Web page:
When they were running for president, Senators Bernie Sanders and Elizabeth Warren advocated providing universal health care coverage by expanding Medicare to cover all Americans. Such a single-payer system would be a great improvement over our current over-complicated system, but it would do little to expand long-term care coverage for our seniors and others with disabilities. That’s because Medicare provides very limited long-term care services.
Medicaid (MassHealth in Massachusetts), on the other hand, covers nursing homes, a significant amount of home care, and some assisted living care. Making everyone automatically eligible for Medicaid would greatly expand the availability for such services, greatly ease the process of applying for benefits, and reduce the need for much elder law planning.
Let’s Follow California’s Lead
California is seeking to take the first step towards such universal coverage by eliminating the asset limits for Medicaid eligibility (Medi-Cal in California). Currently, the limit for eligibility in California, as in Massachusetts, is $2,000 for the applicant (and $130,000 for his or her spouse if the applicant is seeking nursing home coverage). The California 2021-2022 budget contains a provision that would raise the asset limit to $130,000 as of next July 1st and eliminate it entirely as of January 1, 2024. It’s provisional because it requires federal approval from the Centers for Medicare & Medicaid Services (CMS).
The California statute retains the Medicaid income limits which essentially apply only to people receiving Medicaid coverage in the community because nursing home residents, in most cases, simply pay their income towards their cost of care with Medicaid picking up the balance of the cost. In fact, for many home care programs, there already are no asset limits for patients under age 65, with the asset limits only applying to those 65 and older and those receiving nursing home care at any age.
Easing the Application Process
Eliminating the asset requirements would greatly ease the burdensome application process for patients, their families, and intake workers. Applicants can be required to provide up to five years of financial information and answer detailed questions about their disposition of assets, questions that can be difficult or impossible for family members of demented applicants to answer.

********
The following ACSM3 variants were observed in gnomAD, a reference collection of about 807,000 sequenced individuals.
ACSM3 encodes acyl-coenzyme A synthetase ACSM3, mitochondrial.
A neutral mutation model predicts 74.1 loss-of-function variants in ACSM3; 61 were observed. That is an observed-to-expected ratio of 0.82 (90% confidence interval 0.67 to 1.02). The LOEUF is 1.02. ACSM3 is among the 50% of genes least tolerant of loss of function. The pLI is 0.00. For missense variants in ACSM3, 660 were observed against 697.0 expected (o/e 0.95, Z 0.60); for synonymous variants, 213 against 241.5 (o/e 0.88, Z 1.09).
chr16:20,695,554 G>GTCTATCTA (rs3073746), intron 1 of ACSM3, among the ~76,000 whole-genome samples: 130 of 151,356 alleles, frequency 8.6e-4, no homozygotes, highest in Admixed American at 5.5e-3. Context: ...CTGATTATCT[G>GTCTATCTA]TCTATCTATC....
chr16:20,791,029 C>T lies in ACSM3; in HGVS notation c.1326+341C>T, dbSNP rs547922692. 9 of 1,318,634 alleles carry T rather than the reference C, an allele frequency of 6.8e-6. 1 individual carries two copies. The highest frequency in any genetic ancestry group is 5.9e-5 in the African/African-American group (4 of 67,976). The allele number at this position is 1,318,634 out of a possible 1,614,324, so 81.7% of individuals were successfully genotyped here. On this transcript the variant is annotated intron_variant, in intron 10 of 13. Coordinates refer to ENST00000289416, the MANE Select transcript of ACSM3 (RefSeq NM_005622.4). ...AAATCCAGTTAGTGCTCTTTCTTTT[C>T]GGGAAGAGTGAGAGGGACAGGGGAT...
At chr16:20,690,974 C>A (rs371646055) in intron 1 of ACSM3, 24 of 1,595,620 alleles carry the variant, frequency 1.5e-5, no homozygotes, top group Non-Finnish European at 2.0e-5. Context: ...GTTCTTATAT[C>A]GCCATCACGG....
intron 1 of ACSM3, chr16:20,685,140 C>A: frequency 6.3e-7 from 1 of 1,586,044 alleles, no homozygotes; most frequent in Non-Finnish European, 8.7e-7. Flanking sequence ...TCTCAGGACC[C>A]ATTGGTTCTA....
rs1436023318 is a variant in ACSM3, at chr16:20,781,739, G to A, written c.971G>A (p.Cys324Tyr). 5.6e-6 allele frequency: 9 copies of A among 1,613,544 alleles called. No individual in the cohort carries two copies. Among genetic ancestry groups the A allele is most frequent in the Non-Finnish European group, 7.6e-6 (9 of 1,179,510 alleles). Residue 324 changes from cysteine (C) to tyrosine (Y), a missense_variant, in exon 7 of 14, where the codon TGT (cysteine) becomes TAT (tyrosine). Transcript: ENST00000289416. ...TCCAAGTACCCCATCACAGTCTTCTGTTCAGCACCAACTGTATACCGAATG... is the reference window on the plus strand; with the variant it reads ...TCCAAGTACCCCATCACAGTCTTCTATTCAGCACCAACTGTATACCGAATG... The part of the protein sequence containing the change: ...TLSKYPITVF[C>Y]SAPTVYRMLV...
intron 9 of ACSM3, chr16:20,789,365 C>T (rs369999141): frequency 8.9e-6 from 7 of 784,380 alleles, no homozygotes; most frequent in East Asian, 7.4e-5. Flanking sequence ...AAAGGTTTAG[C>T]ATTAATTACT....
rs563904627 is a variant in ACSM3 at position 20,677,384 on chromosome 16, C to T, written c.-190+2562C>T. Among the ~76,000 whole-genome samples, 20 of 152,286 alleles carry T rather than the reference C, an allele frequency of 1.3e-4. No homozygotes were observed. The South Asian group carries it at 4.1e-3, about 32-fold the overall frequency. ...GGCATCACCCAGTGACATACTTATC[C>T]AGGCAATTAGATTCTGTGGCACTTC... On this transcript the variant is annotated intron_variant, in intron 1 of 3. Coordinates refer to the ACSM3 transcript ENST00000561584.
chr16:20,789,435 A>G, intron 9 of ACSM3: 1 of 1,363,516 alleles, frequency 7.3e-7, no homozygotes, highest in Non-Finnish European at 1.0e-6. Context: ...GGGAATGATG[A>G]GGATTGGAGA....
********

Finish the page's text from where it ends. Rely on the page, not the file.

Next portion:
Applications are frequently rejected for failure to provide adequate documentation, requiring time consuming appeals or, in some instances, leaving the nursing facilities without a source of payment when Medicaid applicants can neither afford to pay for their care or meet the stringent requirements for eligibility. In other cases, there are delays and added expenses when family members need to seek court-appointed conservatorship in order to gain access to financial information, sometimes leaving gaps in coverage due to the time this takes.
Reducing the Need for Long-Term Care Planning
Many seniors take steps to shelter their assets to avoid having to spend them down for their care. This can involve transfers to children or into trust. In the case of spouses of nursing home residents, a common practice is to purchase short-term immediate annuities. None of these complex steps would be necessary if it were not for the Medicaid asset limit (though some people would still take planning steps to avoid Medicaid estate recovery, another feature of Medicaid that should be eliminated).
Of course, this would mean there would be much less need for the skills and experience of elder law attorneys, but most would more than willing to give up this aspect of their work to better facilitate care for their clients.
And It’s Not a Budget-Buster
The obvious fear about expanded Medicaid coverage is the potential cost. However, given that most people who could qualify for Medicaid already do jump through the hoops, the anticipated increase is not so great. California expects to spend an extra $200 million a year on top of a current Medi-Cal budget of $99 billion in fiscal year 2020-2021, a 0.2 % increase. A comparable increase in Massachusetts would be $34 million.
If you would like to read more about the California plan, here are some sources: